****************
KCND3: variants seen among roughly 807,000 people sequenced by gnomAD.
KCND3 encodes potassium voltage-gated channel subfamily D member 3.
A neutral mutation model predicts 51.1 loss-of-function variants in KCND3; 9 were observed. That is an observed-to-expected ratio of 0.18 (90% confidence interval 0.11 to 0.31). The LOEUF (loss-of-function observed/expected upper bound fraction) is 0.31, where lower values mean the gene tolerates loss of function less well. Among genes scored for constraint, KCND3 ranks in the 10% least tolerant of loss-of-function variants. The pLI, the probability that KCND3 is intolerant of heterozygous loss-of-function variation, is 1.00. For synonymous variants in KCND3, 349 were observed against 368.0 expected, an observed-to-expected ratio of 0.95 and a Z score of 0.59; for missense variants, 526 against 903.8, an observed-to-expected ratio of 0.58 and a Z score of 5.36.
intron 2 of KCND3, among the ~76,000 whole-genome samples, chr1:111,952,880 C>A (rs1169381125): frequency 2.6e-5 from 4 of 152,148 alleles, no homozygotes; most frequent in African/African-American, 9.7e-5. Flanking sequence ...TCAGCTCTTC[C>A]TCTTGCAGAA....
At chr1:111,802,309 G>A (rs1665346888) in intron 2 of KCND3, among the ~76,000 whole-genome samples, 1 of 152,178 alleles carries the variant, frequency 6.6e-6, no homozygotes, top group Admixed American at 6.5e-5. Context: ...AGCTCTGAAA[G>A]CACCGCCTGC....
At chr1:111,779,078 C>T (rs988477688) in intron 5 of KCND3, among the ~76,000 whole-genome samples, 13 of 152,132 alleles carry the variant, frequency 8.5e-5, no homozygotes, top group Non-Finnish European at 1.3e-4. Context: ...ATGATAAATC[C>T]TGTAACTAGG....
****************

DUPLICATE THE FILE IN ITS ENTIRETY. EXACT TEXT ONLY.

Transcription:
KCND3: variants seen among roughly 807,000 people sequenced by gnomAD.
KCND3 encodes potassium voltage-gated channel subfamily D member 3.
A neutral mutation model predicts 51.1 loss-of-function variants in KCND3; 9 were observed. That is an observed-to-expected ratio of 0.18 (90% confidence interval 0.11 to 0.31). The LOEUF (loss-of-function observed/expected upper bound fraction) is 0.31, where lower values mean the gene tolerates loss of function less well. Among genes scored for constraint, KCND3 ranks in the 10% least tolerant of loss-of-function variants. The pLI, the probability that KCND3 is intolerant of heterozygous loss-of-function variation, is 1.00. For synonymous variants in KCND3, 349 were observed against 368.0 expected, an observed-to-expected ratio of 0.95 and a Z score of 0.59; for missense variants, 526 against 903.8, an observed-to-expected ratio of 0.58 and a Z score of 5.36.
intron 2 of KCND3, among the ~76,000 whole-genome samples, chr1:111,952,880 C>A (rs1169381125): frequency 2.6e-5 from 4 of 152,148 alleles, no homozygotes; most frequent in African/African-American, 9.7e-5. Flanking sequence ...TCAGCTCTTC[C>A]TCTTGCAGAA....
At chr1:111,802,309 G>A (rs1665346888) in intron 2 of KCND3, among the ~76,000 whole-genome samples, 1 of 152,178 alleles carries the variant, frequency 6.6e-6, no homozygotes, top group Admixed American at 6.5e-5. Context: ...AGCTCTGAAA[G>A]CACCGCCTGC....
At chr1:111,779,078 C>T (rs988477688) in intron 5 of KCND3, among the ~76,000 whole-genome samples, 13 of 152,132 alleles carry the variant, frequency 8.5e-5, no homozygotes, top group Non-Finnish European at 1.3e-4. Context: ...ATGATAAATC[C>T]TGTAACTAGG....